On the contrary, in an acute viral infection, such as influenza or COVID-19, everything is different. The appearance of antibodies produced by the host’s immune response accompanies the disappearance of the virus and  recovery. The virus disappears or is  not abundant enough to be contagious. In acute viral infections, seropositivity is therefore a good match for cure and protection.
What is a virus? What is the point of the virus killing its host?
I see viruses as a ballet of crystals that grow, intertwine, combine and then break apart to grow again elsewhere in our body or someone else’s body. They can be seen more classically as micromachines that copy themselves. Of course, the virus has no objectives. But it turns out that if the propagation stops, the matter is over, we don’t talk about it anymore: the viruses that propagate efficiently are indeed the ones that concern us. It’s hard to believe that they don’t do it on purpose with a Machiavellian strategy and it’s easier to describe them by talking about their interest!
 The coronavirus can kill its host or be eliminated by its host’s immune response, which makes a big difference for the host but is the same for the virus itself! In both cases, before this happens, the virus must have found a new host. So, a virus that kills quickly or that is quickly eliminated must be highly contagious in order not to disappear. Contagiousness is promoted by rapid multiplication, especially in the upper respiratory airways. It is this scorched-earth viral strategy that corresponds to what is called acute viral infection.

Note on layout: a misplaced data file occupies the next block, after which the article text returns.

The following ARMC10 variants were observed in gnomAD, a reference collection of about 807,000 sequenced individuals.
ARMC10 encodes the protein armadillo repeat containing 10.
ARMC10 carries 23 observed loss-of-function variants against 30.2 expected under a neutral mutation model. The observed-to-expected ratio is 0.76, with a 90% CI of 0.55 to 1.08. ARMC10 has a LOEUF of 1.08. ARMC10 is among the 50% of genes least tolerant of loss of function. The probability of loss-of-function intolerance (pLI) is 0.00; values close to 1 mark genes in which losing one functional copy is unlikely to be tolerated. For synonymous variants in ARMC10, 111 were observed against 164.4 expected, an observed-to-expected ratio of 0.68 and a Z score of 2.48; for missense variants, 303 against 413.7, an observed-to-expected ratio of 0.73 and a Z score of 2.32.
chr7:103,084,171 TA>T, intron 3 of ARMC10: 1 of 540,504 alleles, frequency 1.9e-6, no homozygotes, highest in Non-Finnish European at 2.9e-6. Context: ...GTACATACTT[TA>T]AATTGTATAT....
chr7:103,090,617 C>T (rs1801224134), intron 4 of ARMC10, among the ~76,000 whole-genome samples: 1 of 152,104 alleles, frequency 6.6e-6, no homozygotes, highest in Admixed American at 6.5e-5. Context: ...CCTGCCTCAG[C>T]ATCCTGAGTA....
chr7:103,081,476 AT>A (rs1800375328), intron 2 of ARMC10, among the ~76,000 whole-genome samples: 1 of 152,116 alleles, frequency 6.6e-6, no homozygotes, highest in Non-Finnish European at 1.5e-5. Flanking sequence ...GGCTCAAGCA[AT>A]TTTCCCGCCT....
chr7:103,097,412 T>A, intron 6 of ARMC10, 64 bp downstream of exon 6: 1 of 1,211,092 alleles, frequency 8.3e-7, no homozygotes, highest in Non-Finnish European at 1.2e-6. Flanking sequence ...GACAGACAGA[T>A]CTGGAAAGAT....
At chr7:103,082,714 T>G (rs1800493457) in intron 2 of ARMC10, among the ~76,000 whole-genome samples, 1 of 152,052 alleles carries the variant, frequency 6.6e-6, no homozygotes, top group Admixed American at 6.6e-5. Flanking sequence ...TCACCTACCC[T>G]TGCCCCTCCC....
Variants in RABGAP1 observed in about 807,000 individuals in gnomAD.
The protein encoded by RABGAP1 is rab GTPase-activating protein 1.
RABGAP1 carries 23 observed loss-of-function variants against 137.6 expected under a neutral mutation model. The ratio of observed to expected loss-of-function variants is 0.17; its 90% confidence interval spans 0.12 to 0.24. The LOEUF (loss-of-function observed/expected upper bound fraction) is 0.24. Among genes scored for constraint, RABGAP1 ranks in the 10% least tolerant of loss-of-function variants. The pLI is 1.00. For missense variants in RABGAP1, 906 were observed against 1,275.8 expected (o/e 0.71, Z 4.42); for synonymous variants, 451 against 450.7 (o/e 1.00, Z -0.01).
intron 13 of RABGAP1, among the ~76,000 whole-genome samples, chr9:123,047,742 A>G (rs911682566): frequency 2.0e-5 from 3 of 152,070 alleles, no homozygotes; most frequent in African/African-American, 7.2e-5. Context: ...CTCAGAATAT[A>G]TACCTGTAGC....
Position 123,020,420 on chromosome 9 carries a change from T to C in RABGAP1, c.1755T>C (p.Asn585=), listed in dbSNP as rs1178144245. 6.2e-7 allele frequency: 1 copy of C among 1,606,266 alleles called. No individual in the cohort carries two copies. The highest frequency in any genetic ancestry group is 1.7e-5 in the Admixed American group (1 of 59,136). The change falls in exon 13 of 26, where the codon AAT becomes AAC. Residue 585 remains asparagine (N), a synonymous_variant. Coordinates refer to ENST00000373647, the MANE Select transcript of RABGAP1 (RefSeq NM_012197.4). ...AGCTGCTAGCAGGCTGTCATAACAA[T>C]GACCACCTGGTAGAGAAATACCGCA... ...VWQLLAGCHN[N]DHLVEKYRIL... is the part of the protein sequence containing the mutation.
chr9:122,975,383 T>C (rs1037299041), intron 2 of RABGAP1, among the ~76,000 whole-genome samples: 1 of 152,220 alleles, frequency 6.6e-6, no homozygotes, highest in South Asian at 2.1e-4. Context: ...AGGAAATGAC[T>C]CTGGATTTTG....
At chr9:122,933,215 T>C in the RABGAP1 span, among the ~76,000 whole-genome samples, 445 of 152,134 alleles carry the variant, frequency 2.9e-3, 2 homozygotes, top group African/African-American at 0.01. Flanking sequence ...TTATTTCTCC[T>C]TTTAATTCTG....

Otherwise, the virus has to wait patiently in its host, without killing it too quickly and multiplying less so as not to activate the immune response too much. This is what the AIDS virus does, for example, and is a typical example of what is called chronic viral infection.
 Are there healthy carriers of the SARS2 coronavirus?
 In the classic pattern of acute viral infection such as influenza or COVID-19, the disease and its transmission result from a balance between virus production and the intensity of the immune response. In other words, the most severely ill patients are those with the most abundant virus, they are the most contagious and those with the lowest antibody secretion. Conversely, the less severely ill have more antibodies and less virus and are less contagious.